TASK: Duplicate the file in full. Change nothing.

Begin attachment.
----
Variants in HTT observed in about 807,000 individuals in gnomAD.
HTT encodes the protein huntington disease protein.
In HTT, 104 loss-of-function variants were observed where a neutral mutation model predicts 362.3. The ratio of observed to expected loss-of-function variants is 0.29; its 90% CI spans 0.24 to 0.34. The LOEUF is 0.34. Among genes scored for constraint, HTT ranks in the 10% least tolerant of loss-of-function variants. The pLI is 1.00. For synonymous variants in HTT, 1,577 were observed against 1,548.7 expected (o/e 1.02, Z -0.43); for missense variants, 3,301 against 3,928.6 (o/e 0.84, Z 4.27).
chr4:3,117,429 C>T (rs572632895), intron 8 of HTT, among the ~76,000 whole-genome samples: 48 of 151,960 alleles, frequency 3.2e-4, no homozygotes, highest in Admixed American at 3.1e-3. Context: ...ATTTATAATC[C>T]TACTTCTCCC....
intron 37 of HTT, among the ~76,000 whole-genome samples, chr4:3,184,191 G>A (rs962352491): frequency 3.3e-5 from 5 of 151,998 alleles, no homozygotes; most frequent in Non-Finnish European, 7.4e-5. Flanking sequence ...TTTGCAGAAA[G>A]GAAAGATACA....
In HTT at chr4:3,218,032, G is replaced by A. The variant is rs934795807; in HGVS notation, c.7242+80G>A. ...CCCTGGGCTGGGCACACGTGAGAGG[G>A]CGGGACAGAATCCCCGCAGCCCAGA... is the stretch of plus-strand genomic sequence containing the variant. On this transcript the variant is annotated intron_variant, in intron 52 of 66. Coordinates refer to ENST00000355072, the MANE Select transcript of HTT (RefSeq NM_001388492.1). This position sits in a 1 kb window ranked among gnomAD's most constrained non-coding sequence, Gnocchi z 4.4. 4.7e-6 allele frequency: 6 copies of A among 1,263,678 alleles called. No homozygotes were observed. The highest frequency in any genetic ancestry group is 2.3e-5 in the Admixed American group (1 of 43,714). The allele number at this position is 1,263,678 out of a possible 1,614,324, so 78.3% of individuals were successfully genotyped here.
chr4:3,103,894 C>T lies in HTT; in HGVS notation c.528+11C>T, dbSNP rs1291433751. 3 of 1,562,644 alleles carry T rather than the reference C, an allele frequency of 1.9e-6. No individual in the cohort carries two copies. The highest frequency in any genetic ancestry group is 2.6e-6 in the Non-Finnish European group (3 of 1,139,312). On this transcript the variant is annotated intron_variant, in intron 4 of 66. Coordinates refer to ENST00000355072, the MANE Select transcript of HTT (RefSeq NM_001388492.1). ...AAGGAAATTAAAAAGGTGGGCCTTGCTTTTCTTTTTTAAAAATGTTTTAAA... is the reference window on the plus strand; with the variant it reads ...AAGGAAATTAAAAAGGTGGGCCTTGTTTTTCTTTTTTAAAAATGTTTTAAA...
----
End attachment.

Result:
Variants in HTT observed in about 807,000 individuals in gnomAD.
HTT encodes the protein huntington disease protein.
In HTT, 104 loss-of-function variants were observed where a neutral mutation model predicts 362.3. The ratio of observed to expected loss-of-function variants is 0.29; its 90% CI spans 0.24 to 0.34. The LOEUF is 0.34. Among genes scored for constraint, HTT ranks in the 10% least tolerant of loss-of-function variants. The pLI is 1.00. For synonymous variants in HTT, 1,577 were observed against 1,548.7 expected (o/e 1.02, Z -0.43); for missense variants, 3,301 against 3,928.6 (o/e 0.84, Z 4.27).
chr4:3,117,429 C>T (rs572632895), intron 8 of HTT, among the ~76,000 whole-genome samples: 48 of 151,960 alleles, frequency 3.2e-4, no homozygotes, highest in Admixed American at 3.1e-3. Context: ...ATTTATAATC[C>T]TACTTCTCCC....
intron 37 of HTT, among the ~76,000 whole-genome samples, chr4:3,184,191 G>A (rs962352491): frequency 3.3e-5 from 5 of 151,998 alleles, no homozygotes; most frequent in Non-Finnish European, 7.4e-5. Flanking sequence ...TTTGCAGAAA[G>A]GAAAGATACA....
In HTT at chr4:3,218,032, G is replaced by A. The variant is rs934795807; in HGVS notation, c.7242+80G>A. ...CCCTGGGCTGGGCACACGTGAGAGG[G>A]CGGGACAGAATCCCCGCAGCCCAGA... is the stretch of plus-strand genomic sequence containing the variant. On this transcript the variant is annotated intron_variant, in intron 52 of 66. Coordinates refer to ENST00000355072, the MANE Select transcript of HTT (RefSeq NM_001388492.1). This position sits in a 1 kb window ranked among gnomAD's most constrained non-coding sequence, Gnocchi z 4.4. 4.7e-6 allele frequency: 6 copies of A among 1,263,678 alleles called. No homozygotes were observed. The highest frequency in any genetic ancestry group is 2.3e-5 in the Admixed American group (1 of 43,714). The allele number at this position is 1,263,678 out of a possible 1,614,324, so 78.3% of individuals were successfully genotyped here.
chr4:3,103,894 C>T lies in HTT; in HGVS notation c.528+11C>T, dbSNP rs1291433751. 3 of 1,562,644 alleles carry T rather than the reference C, an allele frequency of 1.9e-6. No individual in the cohort carries two copies. The highest frequency in any genetic ancestry group is 2.6e-6 in the Non-Finnish European group (3 of 1,139,312). On this transcript the variant is annotated intron_variant, in intron 4 of 66. Coordinates refer to ENST00000355072, the MANE Select transcript of HTT (RefSeq NM_001388492.1). ...AAGGAAATTAAAAAGGTGGGCCTTGCTTTTCTTTTTTAAAAATGTTTTAAA... is the reference window on the plus strand; with the variant it reads ...AAGGAAATTAAAAAGGTGGGCCTTGTTTTTCTTTTTTAAAAATGTTTTAAA...